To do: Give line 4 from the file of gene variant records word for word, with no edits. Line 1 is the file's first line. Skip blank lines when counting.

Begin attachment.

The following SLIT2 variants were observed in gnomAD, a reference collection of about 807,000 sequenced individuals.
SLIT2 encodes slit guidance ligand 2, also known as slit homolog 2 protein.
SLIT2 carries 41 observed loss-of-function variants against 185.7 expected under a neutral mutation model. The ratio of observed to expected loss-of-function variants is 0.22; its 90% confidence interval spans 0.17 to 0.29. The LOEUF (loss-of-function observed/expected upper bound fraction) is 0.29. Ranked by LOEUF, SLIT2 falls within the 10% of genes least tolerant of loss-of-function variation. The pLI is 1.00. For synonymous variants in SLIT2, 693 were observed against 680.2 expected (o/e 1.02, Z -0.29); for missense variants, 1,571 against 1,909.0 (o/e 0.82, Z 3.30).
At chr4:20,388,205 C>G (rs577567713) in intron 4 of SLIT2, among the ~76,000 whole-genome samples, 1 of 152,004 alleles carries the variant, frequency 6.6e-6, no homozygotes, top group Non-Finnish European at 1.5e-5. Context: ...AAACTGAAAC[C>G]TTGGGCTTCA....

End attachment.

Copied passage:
At chr4:20,388,205 C>G (rs577567713) in intron 4 of SLIT2, among the ~76,000 whole-genome samples, 1 of 152,004 alleles carries the variant, frequency 6.6e-6, no homozygotes, top group Non-Finnish European at 1.5e-5. Context: ...AAACTGAAAC[C>G]TTGGGCTTCA....